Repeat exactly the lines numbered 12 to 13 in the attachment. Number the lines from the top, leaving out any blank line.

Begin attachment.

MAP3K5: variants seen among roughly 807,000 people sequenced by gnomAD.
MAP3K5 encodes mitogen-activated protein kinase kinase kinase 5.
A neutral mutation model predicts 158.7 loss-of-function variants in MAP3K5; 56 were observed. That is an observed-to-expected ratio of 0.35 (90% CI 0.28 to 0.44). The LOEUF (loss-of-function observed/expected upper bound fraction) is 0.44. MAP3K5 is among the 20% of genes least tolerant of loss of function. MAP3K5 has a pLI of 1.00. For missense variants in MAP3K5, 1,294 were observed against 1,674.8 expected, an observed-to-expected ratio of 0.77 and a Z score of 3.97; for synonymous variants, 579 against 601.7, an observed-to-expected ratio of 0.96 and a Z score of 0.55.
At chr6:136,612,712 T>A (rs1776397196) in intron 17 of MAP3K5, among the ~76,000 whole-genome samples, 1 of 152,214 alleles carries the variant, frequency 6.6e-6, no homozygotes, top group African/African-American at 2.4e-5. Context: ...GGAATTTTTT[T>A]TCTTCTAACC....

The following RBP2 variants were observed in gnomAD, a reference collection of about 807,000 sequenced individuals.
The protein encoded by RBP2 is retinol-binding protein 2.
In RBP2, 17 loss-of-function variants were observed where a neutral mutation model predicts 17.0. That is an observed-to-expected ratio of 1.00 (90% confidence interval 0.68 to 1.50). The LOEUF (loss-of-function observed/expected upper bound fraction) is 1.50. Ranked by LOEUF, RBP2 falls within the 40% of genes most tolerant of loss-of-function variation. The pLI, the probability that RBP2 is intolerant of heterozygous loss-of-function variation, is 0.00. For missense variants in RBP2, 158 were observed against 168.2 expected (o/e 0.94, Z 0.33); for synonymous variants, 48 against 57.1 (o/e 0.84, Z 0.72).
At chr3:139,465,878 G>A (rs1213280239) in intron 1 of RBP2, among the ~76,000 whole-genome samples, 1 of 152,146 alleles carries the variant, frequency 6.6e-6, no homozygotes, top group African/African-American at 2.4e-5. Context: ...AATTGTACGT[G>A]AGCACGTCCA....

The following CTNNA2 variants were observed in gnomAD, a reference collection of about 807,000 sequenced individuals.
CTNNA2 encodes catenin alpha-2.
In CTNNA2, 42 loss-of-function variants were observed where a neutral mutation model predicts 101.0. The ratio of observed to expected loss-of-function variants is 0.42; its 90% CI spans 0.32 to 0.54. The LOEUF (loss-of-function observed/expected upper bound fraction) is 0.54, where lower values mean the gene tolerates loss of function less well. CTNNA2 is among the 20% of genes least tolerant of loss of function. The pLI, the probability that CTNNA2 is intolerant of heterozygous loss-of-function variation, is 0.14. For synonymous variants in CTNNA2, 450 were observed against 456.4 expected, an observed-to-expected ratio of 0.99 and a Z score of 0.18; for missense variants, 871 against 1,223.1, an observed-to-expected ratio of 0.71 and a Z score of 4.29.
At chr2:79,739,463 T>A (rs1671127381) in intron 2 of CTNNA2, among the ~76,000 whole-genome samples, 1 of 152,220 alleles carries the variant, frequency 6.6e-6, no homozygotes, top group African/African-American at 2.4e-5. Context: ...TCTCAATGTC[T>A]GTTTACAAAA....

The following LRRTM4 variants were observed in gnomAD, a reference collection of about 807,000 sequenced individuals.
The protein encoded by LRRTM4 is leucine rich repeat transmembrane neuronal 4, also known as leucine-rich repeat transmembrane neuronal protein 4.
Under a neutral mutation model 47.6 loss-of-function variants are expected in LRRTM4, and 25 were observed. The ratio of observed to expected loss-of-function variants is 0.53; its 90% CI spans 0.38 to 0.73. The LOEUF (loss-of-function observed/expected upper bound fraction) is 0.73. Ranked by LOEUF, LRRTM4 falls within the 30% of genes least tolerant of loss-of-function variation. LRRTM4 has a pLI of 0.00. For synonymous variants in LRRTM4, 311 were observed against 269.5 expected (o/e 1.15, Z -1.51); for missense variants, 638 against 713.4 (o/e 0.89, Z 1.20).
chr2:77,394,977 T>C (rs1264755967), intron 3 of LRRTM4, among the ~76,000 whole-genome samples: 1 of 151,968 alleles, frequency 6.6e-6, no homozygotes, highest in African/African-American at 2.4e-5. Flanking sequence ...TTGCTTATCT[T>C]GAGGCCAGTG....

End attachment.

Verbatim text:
At chr2:79,739,463 T>A (rs1671127381) in intron 2 of CTNNA2, among the ~76,000 whole-genome samples, 1 of 152,220 alleles carries the variant, frequency 6.6e-6, no homozygotes, top group African/African-American at 2.4e-5. Context: ...TCTCAATGTC[T>A]GTTTACAAAA....

The following LRRTM4 variants were observed in gnomAD, a reference collection of about 807,000 sequenced individuals.